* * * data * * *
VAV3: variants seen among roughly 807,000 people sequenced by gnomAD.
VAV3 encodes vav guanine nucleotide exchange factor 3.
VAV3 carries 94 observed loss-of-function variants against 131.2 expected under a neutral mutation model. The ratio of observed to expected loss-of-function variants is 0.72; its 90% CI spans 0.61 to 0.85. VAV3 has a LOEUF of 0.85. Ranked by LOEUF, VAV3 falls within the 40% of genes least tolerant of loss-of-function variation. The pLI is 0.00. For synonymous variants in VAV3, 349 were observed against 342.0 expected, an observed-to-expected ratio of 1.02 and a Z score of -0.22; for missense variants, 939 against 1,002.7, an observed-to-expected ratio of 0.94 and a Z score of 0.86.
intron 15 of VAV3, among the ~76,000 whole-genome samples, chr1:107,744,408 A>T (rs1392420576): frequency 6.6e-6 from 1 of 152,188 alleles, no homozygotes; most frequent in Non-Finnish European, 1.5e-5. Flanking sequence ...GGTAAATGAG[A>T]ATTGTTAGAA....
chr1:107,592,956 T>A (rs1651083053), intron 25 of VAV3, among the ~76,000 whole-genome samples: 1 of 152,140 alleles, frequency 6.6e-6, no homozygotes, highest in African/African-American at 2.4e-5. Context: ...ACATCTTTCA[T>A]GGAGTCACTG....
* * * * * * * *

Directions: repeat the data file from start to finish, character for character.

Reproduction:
VAV3: variants seen among roughly 807,000 people sequenced by gnomAD.
VAV3 encodes vav guanine nucleotide exchange factor 3.
VAV3 carries 94 observed loss-of-function variants against 131.2 expected under a neutral mutation model. The ratio of observed to expected loss-of-function variants is 0.72; its 90% CI spans 0.61 to 0.85. VAV3 has a LOEUF of 0.85. Ranked by LOEUF, VAV3 falls within the 40% of genes least tolerant of loss-of-function variation. The pLI is 0.00. For synonymous variants in VAV3, 349 were observed against 342.0 expected, an observed-to-expected ratio of 1.02 and a Z score of -0.22; for missense variants, 939 against 1,002.7, an observed-to-expected ratio of 0.94 and a Z score of 0.86.
intron 15 of VAV3, among the ~76,000 whole-genome samples, chr1:107,744,408 A>T (rs1392420576): frequency 6.6e-6 from 1 of 152,188 alleles, no homozygotes; most frequent in Non-Finnish European, 1.5e-5. Flanking sequence ...GGTAAATGAG[A>T]ATTGTTAGAA....
chr1:107,592,956 T>A (rs1651083053), intron 25 of VAV3, among the ~76,000 whole-genome samples: 1 of 152,140 alleles, frequency 6.6e-6, no homozygotes, highest in African/African-American at 2.4e-5. Context: ...ACATCTTTCA[T>A]GGAGTCACTG....